The Road Ahead : February 2011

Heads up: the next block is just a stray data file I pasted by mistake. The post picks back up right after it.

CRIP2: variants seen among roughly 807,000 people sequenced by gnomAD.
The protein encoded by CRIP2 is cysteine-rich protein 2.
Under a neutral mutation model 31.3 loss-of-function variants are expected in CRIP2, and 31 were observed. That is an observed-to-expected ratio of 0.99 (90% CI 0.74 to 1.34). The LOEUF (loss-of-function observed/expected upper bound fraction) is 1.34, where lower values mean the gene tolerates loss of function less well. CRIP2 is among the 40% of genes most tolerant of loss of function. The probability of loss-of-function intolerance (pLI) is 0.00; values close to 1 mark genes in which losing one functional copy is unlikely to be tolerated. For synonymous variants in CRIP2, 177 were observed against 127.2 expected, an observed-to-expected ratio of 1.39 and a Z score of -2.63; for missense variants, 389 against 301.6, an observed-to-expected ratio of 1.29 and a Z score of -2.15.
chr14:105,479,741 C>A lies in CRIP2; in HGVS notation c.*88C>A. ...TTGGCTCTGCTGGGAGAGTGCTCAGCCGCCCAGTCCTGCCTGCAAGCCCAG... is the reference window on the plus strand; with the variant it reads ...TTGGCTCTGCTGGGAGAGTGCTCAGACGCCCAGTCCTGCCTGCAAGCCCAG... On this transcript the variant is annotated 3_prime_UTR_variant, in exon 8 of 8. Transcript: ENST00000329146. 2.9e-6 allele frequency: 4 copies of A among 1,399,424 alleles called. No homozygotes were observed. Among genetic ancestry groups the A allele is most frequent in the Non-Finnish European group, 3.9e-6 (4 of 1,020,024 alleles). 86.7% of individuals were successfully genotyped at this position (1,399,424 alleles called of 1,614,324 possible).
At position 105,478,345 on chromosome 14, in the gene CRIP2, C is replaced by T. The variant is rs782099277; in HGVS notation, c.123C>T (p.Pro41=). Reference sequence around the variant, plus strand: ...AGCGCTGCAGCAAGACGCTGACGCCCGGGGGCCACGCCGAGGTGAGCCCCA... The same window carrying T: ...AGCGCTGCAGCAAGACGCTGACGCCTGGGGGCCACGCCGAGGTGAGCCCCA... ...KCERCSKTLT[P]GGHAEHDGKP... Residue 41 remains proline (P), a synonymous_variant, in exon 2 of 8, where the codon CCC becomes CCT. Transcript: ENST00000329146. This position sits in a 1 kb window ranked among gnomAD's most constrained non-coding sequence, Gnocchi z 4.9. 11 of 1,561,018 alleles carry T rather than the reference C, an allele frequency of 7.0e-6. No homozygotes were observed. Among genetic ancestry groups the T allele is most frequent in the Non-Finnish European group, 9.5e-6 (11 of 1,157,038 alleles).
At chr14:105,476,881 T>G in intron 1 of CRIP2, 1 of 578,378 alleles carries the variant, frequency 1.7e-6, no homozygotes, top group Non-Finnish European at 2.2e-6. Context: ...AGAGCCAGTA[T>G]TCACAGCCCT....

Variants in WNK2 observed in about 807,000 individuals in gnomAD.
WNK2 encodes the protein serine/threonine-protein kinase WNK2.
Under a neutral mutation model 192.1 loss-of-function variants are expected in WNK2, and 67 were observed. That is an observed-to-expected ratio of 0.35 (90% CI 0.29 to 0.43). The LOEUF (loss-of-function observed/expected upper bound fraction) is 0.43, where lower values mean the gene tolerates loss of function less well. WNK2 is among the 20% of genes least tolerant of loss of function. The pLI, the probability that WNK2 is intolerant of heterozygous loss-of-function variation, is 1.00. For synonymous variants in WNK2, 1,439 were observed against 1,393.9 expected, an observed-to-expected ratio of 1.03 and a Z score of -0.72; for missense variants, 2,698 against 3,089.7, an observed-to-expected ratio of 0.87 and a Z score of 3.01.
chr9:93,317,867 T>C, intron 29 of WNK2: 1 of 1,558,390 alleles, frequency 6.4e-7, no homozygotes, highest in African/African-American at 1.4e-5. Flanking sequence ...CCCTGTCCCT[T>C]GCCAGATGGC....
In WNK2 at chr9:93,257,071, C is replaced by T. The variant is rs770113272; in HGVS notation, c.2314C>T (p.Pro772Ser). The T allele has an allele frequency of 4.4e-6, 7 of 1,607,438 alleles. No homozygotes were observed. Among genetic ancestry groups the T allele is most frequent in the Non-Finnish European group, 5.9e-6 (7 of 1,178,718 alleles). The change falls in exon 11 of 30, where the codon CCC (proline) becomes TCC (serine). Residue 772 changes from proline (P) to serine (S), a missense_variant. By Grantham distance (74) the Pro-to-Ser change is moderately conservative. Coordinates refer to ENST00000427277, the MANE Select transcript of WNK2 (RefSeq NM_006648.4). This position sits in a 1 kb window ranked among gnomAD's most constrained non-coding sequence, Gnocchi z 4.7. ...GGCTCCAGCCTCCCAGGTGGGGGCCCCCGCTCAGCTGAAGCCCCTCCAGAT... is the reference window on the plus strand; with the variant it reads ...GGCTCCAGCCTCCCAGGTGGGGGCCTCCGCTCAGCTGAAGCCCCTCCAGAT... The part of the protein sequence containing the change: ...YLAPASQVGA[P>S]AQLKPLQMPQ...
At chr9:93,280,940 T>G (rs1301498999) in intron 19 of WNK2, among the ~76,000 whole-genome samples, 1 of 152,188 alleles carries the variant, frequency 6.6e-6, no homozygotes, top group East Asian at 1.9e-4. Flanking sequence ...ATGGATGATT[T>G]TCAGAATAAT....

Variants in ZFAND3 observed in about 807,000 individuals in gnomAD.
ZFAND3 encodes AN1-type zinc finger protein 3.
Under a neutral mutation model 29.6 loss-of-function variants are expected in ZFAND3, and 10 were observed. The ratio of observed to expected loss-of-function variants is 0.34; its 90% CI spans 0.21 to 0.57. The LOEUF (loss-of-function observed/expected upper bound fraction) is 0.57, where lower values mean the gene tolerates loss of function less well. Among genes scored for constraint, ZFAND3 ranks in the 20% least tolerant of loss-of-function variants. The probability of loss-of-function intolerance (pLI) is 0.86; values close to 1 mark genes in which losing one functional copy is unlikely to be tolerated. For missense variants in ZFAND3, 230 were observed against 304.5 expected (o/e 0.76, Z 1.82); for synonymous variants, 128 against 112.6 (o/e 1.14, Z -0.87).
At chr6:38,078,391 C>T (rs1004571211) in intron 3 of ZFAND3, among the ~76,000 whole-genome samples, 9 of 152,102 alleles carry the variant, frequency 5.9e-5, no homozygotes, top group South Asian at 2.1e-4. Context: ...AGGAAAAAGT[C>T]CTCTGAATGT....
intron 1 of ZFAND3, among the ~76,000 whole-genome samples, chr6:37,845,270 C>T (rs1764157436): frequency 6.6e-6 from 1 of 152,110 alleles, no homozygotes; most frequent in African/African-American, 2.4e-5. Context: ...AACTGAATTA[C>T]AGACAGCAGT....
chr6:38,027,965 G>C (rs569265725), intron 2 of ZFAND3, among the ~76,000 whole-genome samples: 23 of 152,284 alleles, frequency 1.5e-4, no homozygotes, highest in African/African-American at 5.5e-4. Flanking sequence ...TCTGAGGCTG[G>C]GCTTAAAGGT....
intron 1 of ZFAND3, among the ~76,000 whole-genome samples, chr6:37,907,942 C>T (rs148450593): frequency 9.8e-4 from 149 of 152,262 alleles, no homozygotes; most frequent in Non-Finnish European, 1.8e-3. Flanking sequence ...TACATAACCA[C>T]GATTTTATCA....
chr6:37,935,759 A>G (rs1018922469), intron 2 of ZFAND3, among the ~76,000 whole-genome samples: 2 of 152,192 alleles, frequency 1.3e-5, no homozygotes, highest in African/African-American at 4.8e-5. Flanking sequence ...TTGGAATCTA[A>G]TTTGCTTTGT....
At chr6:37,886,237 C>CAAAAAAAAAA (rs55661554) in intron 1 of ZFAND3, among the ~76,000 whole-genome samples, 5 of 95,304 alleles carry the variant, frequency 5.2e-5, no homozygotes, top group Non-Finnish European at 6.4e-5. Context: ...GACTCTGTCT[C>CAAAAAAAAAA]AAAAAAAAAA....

WWW.ROADAHEAD.COM.AU 38 THE ROAD AHEAD FEB/MAR 2011 MOTORING SPECIAL REPORT STORY DEB ECCLESTON fuels ain't fuels These days filling the car with fuel isnotaseasyasitusedtobe. WITH A SMORGASBORD of fuels available at the bowser, it can be difficult to know which one to choose. It's no longer just a choice between unleaded and diesel now that ethanol blended fuels have taken the market by storm. There's ULP (91), PULP (95), higher octane fuels, E10 (either 91 or 95), Diesel, B20 (bio) diesel, LPG, and now in selected Caltex service stations, a fuel with up to 85 percent ethanol. It's this new kid on the block that piqued the interests of RACQ's Vehicle Technologies team. While most cars on the road are able to tolerate 10 percent ethanol blends (unless of course they are diesel vehicles), would the higher concentration of ethanol affect performance? The answer might surprise you. The test involved a 1990 four-cylinder Ford Laser with a carburettor engine, not compatible with even E10 fuel, and a 1992 six-cylinder fuel injected Ford Falcon. Before being put through their paces at Lakeside Park, the cars were conditioned to replicate the situation where the driver has -- intentionally or otherwise -- refilled the tanks with high ethanol fuel even though they are only suited to ULP. After a pre-drive evaluation to ensure there were no running problems, the cars were run low on fuel to minimise dilution when the E85 was added. Driveability tests -- hot starting, acceleration, cruising, idle quality and cold starting -- were carried out and the results recorded. The test found that despite the E85 fuel in the tanks, the hot starting performance of both cars was largely unaffected. There was a noticeable reduction in acceleration in both cars, however when cruising there was minimal difference. The Laser had reduced idle quality that became more pronounced, however the fuel-injected Falcon was unaffected. Finally, the Laser was less willing to rev properly off a cold start, but again the Falcon showed no significant change in performance. "We thought there would be a more severe and immediate reaction,'' RACQ Vehicle Technologies executive manager Steve Spalding said. "While the Laser was more affected than the Falcon, any symptoms observed were relatively moderate." However that's not to say drivers of ULP vehicles should fill up with E85. In the short term your car may escape unscathed, however the long-term damage caused would be costly: fuel tank scouring, degradation of fuel hoses and filter blockages. At higher blends, such as E85, the engines of such vehicles may even experience internal damage. "Just because your car is compatible with E10 doesn't mean it can tolerate E85," Mr Spalding said. "Unless the car is manufactured to run on E85, don't use it." The number of cars specifically designed to tolerate E85 are limited in Australia to a small number of SAABs and Holden's VE Series 2 Commodore (3.0-litre and 6.0-litre models only). For more information, visit www. racq.com.au/motoring.